• 36

    Fludernik, “Identity/Alterity,” p. 264.

  • 37

    See James Ressigue, The Strange Gospel: Narrative Design and Point of View in John (Leiden: Brill, 2001).

  • 40

    On this distinction, see Chatman, Story and Discourse, p. 151; see also R. Alan Culpepper, Anatomy of the Fourth Gospel: A Study in Literary Design (Minneapolis: Fortress, 1983), p. 16.

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  • 43

    See, Ruth Edwards, “ΧΑΡΙΝ ΑΝΤΙ ΧΑΡΙΤΟΣ (John 1:16): Grace and Law in the Johannine Prologue,” Journal for the Study of the New Testament 32 (1988), pp. 3-15.

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  • 46

    See Judith Lieu, “Us or You? Persuasion and Identity in 1 John,” Journal of Biblical Literature 127 (2008), pp. 805-819.

  • 49

    See Herbert Leroy, Rätsel und Missverständnis: Ein Beitrag zur Formgeschichte des Johan­nesevangeliums (Bonn: P. Hanstein, 1968). Leroy’s work considers the Gospel and its Sondesprache to be an example of catechesis, which forms and shapes the initiate into a new social role (cf. Meeks, “Man from Heaven”).

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  • 50

    J. Louis Martyn, History and Theology in the Fourth Gospel (New York: Harper & Row, 1968); idem., The Gospel of John in Christian History: Essays for Interpreters (New York: Paulist, 1979). Recently, John Ashton has argued in favor of at least a separation – if not an expulsion – from the synagogue on the part of the Johannine community, in “Second Thoughts on the Fourth Gospel,” in Tom Thatcher (ed.), What We Have Heard From the Beginning: The Past, Present and Future of Johannine Studies (Waco, TX: Baylor University Press, 2007), pp. 1-18.

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  • 53

    Chris Keith, “The Claim of John 7.15 and the Memory of Jesus’ Literacy,” New Testament Studies 56 (2010), pp. 44-63 (55). See Keith’s extensive notes on p. 55 for a bibliography of social memory theories.

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  • 54

    See Keith, “The Claim,” p. 56.

  • 55

    G. Mitchell Reyes, “Memory and Alterity: The Case for an Analytic of Difference,” Philosophy and Rhetoric 43 (2010), pp. 222-52 (223).

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  • 56

    Marinus de Jonge, Jesus: Stranger from Heaven and Son of God (trans. John E. Steely; Missoula: Scholars, 1977).

  • 57

    Meeks, “Man from Heaven,” p. 57.

  • 58

    See Kasper Bro Larsen, Recognizing the Stranger: Recognition Scenes in the Gospel of John (Biblical Interpretation Series, 93; Leiden: Brill, 2008).

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  • 59

    Andreas J. Köstenberger, John (Grand Rapids: Baker Academic, 2004), p. 256. Raymond E. Brown disagrees with this view, arguing that the sense is “the law that you yourselves accept” (The GospelAccording to John [AB 29; New York: Doubleday, 1970], vol. 2, p. 341).

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  • 61

    Adele Reinhartz, Befriending the Beloved Disciple: A Jewish Reading of the Gospel of John (London/New York: Continuum, 2001), pp. 26-28.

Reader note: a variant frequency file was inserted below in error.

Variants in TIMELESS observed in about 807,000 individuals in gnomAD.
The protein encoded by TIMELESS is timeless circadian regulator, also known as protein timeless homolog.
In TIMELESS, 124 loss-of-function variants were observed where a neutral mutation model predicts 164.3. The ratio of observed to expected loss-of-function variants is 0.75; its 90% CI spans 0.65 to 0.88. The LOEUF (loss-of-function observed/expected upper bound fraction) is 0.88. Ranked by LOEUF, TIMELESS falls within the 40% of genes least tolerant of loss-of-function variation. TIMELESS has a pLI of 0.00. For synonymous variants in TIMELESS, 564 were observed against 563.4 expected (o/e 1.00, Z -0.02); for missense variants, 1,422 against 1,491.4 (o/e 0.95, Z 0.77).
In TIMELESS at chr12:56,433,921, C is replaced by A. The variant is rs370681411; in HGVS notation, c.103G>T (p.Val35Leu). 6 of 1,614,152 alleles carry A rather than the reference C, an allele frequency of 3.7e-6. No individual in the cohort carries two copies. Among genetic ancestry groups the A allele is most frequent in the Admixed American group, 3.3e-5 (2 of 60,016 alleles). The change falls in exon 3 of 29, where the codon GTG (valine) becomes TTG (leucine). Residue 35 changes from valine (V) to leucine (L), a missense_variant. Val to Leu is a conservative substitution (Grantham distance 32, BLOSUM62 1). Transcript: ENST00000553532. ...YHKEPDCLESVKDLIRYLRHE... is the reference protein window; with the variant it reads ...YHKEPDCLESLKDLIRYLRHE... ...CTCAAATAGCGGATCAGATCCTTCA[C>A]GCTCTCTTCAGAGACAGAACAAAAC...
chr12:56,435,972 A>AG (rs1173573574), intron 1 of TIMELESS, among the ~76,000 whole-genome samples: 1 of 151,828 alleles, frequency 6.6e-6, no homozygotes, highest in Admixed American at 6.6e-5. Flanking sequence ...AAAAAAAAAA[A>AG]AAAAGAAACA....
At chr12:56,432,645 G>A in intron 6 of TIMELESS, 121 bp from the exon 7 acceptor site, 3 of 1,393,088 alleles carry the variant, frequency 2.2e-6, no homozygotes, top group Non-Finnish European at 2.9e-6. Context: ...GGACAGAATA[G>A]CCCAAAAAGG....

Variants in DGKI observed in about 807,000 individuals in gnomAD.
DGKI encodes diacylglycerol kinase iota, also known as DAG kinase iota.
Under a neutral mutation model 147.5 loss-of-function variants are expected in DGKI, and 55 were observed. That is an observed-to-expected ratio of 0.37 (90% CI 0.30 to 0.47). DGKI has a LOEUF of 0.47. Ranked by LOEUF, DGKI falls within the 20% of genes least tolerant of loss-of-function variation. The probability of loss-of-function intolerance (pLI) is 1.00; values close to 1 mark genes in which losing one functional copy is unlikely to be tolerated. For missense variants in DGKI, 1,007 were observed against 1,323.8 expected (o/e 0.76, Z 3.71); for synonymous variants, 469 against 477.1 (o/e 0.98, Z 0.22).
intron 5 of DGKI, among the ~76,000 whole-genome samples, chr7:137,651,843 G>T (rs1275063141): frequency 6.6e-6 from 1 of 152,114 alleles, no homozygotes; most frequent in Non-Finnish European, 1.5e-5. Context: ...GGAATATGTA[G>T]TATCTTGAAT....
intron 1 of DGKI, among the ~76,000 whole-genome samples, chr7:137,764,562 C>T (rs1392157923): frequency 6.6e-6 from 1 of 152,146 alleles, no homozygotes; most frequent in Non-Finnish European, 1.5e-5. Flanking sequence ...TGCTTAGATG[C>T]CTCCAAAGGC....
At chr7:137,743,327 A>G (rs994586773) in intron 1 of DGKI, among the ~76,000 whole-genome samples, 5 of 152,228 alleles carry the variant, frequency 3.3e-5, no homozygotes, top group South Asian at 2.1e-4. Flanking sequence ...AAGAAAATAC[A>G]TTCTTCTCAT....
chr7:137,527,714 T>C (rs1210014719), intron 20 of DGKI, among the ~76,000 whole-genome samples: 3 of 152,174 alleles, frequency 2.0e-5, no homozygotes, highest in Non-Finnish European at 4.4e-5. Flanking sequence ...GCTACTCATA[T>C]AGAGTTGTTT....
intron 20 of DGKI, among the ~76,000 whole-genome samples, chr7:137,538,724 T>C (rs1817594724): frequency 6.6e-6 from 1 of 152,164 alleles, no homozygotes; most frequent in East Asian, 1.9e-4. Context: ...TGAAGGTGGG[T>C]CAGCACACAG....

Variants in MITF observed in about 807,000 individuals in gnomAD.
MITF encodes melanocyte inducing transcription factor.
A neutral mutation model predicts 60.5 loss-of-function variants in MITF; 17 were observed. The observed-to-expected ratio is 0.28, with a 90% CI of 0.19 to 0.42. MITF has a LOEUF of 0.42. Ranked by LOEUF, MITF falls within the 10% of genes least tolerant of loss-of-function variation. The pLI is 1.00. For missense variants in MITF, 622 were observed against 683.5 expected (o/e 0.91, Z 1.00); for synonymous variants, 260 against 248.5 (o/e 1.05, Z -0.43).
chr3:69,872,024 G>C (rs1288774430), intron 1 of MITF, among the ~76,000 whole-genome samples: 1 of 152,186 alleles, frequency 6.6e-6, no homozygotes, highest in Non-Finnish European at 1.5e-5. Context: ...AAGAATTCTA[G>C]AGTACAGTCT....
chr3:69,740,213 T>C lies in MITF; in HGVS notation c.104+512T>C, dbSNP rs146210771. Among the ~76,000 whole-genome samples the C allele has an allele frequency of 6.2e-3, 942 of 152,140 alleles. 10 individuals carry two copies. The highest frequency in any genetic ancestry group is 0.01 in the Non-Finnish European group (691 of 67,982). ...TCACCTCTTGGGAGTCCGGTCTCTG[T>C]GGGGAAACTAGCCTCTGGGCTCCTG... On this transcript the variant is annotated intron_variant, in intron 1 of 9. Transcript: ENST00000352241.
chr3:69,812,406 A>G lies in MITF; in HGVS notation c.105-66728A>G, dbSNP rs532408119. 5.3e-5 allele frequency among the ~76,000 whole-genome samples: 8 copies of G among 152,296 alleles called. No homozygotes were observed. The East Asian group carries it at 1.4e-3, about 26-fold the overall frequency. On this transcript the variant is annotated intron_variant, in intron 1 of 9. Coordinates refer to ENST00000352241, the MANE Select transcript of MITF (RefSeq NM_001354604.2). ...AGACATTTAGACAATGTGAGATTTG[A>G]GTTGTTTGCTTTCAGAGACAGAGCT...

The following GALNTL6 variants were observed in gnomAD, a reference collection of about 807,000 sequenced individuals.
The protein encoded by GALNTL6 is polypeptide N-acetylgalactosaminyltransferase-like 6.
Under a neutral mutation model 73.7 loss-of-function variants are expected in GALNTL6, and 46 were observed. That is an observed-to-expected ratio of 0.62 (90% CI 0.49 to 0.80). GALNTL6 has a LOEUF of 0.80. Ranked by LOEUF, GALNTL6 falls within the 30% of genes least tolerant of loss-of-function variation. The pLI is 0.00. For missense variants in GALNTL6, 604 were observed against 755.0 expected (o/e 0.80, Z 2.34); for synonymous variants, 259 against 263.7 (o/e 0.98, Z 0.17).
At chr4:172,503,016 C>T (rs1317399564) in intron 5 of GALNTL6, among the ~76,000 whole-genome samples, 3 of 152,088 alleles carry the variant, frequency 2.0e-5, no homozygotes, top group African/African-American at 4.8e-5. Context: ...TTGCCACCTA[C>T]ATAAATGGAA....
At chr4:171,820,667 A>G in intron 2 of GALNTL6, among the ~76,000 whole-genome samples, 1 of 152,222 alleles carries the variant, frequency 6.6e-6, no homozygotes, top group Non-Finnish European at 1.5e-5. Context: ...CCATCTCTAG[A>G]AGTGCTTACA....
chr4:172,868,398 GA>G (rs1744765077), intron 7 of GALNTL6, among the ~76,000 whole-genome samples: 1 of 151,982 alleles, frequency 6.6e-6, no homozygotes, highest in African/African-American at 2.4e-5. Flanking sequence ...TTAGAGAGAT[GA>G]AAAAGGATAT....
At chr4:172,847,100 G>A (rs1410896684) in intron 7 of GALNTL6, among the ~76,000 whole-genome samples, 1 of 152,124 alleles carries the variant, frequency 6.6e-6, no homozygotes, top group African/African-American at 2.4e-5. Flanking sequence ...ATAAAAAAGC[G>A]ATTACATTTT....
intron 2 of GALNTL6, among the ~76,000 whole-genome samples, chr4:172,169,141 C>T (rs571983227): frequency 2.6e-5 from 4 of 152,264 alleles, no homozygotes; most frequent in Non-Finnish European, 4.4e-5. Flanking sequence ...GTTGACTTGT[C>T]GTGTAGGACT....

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  • 62

    Fludernik, “Identity/Alterity,” p. 264.

  • 64

    Hall, “New Ethnicities,” p. 165.

  • 65

    See Hans-Georg Gadamer, Wahrheit und Methode (Gesammelte Werke, Band 1; Tübingen: Mohr Siebeck, 6th edn, 1990). The application of Gadamer’s work to biblical studies is relatively new but extensive enough to be highly regarded. For an overview, see Rachel Nicholls, Walking on the Water: Reading Mt. 14:22-33 in the Light of Its Wirkungsgechichte (Leiden: Brill, 2008), pp. 1-28. See also the special volume on biblical reception-history in Journal for the Study of the New Testament 33 (2010).

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  • 66

    See Judith Butler, Excitable Speech: A Politics of the Performative (New York: London, 1997), p. 5. Butler uses Althusser’s theory of “interpellation” to examine the ways in which bodies are “called” into being through language. Using Althusser and Butler’s work to read early Jewish/Christian difference, see Daniel Boyarin, Border Lines: The Partition of Judeo-Chris­tianity (Philadelphia: University of Pennsylvania Press, 2004).

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  • 67

    See the excellent work of Miri Rubin, Gentile Tales: The Narrative Assault on Late Medieval Jews (Pennsylvania: University of Pennsylvania Press, 2004), and Robert Chazan, Medieval Stereotypes and Modern Antisemitism (Berkeley: University of California Press, 1997). On the modern period, see in particular Heidi Kaufman, English Origins, Jewish Discourse and the Nineteenth-Century British Novel (Pennsylvania: University of Pennsylvania Press, 2009).

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  • 68

    See Rachel Jacobowicz, Jews and Gentiles: Antisemitism and Jewish Assimilation in German Literary Life in the Early Nineteenth Century (Frankfurt/New York: Bern, 1992). The visible difference of Eastern European Orthodox Jews also gave rise to anti-Semitism in Poland and Russia as well as in the countries to which Orthodox Jews emigrated; see Ben Gidley, “The Ghosts of Kishinev in the East End: Responses to a Pogrom in the Jewish London of 1903,” in Eitan Bar-Yosef and Nadia Valman (eds.), ‘The Jew’ in Late-Victorian and Edwardian Culture: Between the East End and Africa (London: Palgrave Macmillan, 2009), pp. 98-112.

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  • 71

    See Saul Friedlander, Nazi Germany and the Jews, Volume 1: The Years of Persecution, 1933-1939 (New York: Harper, 1997).

  • 72

    Reinhartz, “John,” p. 155.